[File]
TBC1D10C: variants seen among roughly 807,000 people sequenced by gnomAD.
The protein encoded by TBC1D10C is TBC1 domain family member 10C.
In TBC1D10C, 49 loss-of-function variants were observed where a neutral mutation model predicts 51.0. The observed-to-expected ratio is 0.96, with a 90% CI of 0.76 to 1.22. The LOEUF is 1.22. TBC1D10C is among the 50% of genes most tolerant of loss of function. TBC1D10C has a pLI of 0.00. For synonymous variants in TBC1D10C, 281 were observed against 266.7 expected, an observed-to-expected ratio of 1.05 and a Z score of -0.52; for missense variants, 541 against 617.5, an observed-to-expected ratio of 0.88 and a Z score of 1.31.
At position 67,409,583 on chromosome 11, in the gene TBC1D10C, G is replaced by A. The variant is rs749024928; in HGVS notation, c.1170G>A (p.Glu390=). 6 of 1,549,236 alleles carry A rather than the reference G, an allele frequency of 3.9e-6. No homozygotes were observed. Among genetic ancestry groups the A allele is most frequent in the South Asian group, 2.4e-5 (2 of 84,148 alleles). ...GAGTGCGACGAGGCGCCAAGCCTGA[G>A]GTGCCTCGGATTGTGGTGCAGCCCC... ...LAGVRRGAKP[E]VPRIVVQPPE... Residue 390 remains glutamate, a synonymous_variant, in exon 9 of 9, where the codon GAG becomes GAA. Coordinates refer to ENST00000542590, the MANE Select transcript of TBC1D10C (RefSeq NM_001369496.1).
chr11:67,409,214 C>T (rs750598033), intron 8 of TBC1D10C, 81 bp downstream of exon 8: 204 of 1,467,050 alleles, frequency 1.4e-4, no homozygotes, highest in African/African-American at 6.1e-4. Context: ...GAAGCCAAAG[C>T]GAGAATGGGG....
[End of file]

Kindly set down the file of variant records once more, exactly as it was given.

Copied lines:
TBC1D10C: variants seen among roughly 807,000 people sequenced by gnomAD.
The protein encoded by TBC1D10C is TBC1 domain family member 10C.
In TBC1D10C, 49 loss-of-function variants were observed where a neutral mutation model predicts 51.0. The observed-to-expected ratio is 0.96, with a 90% CI of 0.76 to 1.22. The LOEUF is 1.22. TBC1D10C is among the 50% of genes most tolerant of loss of function. TBC1D10C has a pLI of 0.00. For synonymous variants in TBC1D10C, 281 were observed against 266.7 expected, an observed-to-expected ratio of 1.05 and a Z score of -0.52; for missense variants, 541 against 617.5, an observed-to-expected ratio of 0.88 and a Z score of 1.31.
At position 67,409,583 on chromosome 11, in the gene TBC1D10C, G is replaced by A. The variant is rs749024928; in HGVS notation, c.1170G>A (p.Glu390=). 6 of 1,549,236 alleles carry A rather than the reference G, an allele frequency of 3.9e-6. No homozygotes were observed. Among genetic ancestry groups the A allele is most frequent in the South Asian group, 2.4e-5 (2 of 84,148 alleles). ...GAGTGCGACGAGGCGCCAAGCCTGA[G>A]GTGCCTCGGATTGTGGTGCAGCCCC... ...LAGVRRGAKP[E]VPRIVVQPPE... Residue 390 remains glutamate, a synonymous_variant, in exon 9 of 9, where the codon GAG becomes GAA. Coordinates refer to ENST00000542590, the MANE Select transcript of TBC1D10C (RefSeq NM_001369496.1).
chr11:67,409,214 C>T (rs750598033), intron 8 of TBC1D10C, 81 bp downstream of exon 8: 204 of 1,467,050 alleles, frequency 1.4e-4, no homozygotes, highest in African/African-American at 6.1e-4. Context: ...GAAGCCAAAG[C>T]GAGAATGGGG....